First ocean vessel of 2017 arrives at Port of Indiana-Burns Harbor
The first ocean vessel of the year arrived April 12 at the Port of Indiana-Burns Harbor, marking the official opening of the international shipping season. Port officials welcomed the 413-foot general cargo carrier BBC Mont Blanc and presented the captain with the Ports of Indiana “Steel Stein.”
“The arrival of the first ocean ship of the new year is an exciting time not only for our port, but also for our port companies and numerous other regional businesses that rely on the cargoes these vessels carry,” said Port Director Ian Hirt. “For northwest Indiana, the opening of the St. Lawrence Seaway each spring is always a symbol of optimism because it reestablishes a direct connection to global markets and new business opportunities.”
Nearly 900 tons of wind turbine tower sections shipped from Marin, Spain were unloaded from the Mont Blanc by port stevedore Federal Marine Terminals. Thirty workers from the International Longshoremen’s Association and International Union of Operating Engineers used two days to unload the 20 components destined for a wind farm in Illinois.
Built in 2011, the Mont Blanc is flagged to Antigua and Barbuda, a twin-island country between the Caribbean Sea and the Atlantic Ocean. The crew of 15 is led by Captain Nikolay Gombalevsky, a native of Russia. The ship is owned by the German shipping company Bresie Schiffahrts Gmgh & Co KG. After workers finished unloading the cargo, the ship traveled to Thunder Bay, Ontario, where it discharged a large transformer and related components.
As part of the annual tradition, Hirt presented Captain Gombalevsky with the “Steel Stein,” which commemorates northwest Indiana’s identity as the “steel capital of North America.” The port is recognized as one of the top steel ports in the country for inbound and outbound shipments of steel-related products, and is also home to many companies that provide critical metal services. The port is home to 15 steel-related companies and has 110 acres available for future growth.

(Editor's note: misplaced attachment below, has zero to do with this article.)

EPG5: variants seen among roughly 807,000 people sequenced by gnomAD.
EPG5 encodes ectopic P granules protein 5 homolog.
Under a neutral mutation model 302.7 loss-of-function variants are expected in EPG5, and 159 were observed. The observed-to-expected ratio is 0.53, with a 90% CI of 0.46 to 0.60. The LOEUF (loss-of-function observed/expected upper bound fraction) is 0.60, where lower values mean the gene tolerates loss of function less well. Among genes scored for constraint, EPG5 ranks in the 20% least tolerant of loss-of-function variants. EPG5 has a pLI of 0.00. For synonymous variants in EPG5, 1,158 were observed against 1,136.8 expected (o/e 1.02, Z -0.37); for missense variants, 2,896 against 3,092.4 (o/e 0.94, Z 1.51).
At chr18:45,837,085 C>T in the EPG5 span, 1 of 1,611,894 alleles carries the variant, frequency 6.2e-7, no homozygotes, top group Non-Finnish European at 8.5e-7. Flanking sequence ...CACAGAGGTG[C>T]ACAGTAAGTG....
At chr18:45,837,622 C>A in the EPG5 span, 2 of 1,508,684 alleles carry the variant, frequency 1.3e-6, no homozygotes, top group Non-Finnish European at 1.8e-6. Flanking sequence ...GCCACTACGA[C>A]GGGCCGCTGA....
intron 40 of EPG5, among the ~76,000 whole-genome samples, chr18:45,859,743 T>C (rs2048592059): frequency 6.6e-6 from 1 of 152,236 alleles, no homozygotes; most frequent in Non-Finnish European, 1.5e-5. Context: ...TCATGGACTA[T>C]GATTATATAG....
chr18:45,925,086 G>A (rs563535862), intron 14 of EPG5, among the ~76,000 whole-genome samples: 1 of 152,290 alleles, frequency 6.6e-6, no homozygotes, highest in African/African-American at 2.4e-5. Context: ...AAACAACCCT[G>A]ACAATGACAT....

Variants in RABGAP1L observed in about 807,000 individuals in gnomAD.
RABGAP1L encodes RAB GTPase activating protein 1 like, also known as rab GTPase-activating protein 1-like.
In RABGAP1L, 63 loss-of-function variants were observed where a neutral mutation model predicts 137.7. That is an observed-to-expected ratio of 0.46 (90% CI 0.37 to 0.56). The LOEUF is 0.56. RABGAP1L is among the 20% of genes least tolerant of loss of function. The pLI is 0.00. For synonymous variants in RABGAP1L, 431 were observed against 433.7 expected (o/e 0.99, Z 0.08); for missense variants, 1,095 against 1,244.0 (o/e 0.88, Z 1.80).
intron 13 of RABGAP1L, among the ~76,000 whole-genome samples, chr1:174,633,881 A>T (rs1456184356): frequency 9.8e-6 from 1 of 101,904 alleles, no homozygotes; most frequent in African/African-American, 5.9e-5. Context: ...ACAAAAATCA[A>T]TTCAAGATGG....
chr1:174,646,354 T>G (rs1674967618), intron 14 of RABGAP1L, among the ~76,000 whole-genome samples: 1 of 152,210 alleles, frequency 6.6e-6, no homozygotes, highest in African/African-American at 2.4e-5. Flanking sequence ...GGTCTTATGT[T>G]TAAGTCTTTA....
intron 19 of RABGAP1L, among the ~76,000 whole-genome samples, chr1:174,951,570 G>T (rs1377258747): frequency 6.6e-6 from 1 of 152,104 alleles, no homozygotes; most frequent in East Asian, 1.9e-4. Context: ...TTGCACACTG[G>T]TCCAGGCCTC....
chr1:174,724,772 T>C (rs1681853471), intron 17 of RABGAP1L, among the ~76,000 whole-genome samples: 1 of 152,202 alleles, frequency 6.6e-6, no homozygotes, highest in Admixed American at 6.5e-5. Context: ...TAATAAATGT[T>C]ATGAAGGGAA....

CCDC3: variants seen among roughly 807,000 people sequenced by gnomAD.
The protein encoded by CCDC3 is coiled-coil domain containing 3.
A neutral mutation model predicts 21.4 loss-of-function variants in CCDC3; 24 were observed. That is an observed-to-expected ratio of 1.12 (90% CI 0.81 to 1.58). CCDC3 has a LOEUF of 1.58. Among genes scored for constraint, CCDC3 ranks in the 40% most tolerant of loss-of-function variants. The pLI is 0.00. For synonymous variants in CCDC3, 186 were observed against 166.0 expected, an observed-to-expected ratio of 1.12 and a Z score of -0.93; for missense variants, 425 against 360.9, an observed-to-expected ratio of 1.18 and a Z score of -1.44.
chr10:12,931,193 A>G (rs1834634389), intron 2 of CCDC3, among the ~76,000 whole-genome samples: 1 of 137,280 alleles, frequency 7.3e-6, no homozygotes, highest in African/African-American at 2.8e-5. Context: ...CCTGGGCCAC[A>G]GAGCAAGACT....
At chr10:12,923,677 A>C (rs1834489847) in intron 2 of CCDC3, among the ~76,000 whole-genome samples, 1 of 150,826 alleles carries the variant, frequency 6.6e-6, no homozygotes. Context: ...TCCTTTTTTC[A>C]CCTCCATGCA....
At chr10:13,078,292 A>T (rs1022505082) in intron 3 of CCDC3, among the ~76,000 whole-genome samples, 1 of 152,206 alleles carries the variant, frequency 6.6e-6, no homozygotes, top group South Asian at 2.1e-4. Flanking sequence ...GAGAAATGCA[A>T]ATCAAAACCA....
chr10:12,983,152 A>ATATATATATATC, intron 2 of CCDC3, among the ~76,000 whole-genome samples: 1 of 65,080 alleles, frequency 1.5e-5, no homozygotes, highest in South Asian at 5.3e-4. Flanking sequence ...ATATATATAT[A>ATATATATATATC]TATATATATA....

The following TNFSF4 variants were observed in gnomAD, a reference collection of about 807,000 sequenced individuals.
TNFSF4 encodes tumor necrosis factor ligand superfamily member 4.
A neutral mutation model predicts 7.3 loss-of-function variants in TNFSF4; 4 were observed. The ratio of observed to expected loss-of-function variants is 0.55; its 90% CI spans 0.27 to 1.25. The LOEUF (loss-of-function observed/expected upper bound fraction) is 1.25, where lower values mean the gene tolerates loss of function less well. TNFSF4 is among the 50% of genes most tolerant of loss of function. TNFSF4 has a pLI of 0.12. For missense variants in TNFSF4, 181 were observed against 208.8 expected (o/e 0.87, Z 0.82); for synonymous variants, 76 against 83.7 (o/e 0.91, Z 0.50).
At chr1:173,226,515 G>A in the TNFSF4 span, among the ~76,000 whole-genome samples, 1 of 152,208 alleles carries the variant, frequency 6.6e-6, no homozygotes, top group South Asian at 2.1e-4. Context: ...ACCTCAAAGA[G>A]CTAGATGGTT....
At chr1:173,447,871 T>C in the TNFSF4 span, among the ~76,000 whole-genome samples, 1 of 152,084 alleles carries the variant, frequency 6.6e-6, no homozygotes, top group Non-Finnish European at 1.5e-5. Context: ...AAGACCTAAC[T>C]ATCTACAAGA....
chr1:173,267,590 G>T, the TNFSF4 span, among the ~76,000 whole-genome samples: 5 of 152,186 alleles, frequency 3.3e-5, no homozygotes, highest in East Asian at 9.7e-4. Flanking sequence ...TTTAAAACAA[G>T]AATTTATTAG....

The port’s ability to handle heavy-lift and large-dimensional cargoes, known as project cargoes, is well established and shipments were up nearly 25 percent in 2016. Maritime operations at the Port of Indiana-Burns Harbor generate nearly $4.9 billion per year in economic activity and support more than 39,000 total jobs. The port handled nearly 2.6 million tons of cargo in 2016, completing the highest three-year total in the port’s history.
The St. Lawrence Seaway opened its locks to ocean vessels for the 59th navigation season March 20 after closing in late December. According to St. Lawrence Seaway Development Corp. Deputy Administrator Craig Middlebrook, last year was one of the safest navigation seasons on record and he expects the same this year. “Combined with a lock availability rate of nearly 100 percent over the last 10 years, the safety, reliability and performance record of the Seaway system is second to none and gives our customers the confidence to know that we can meet their transportation needs.”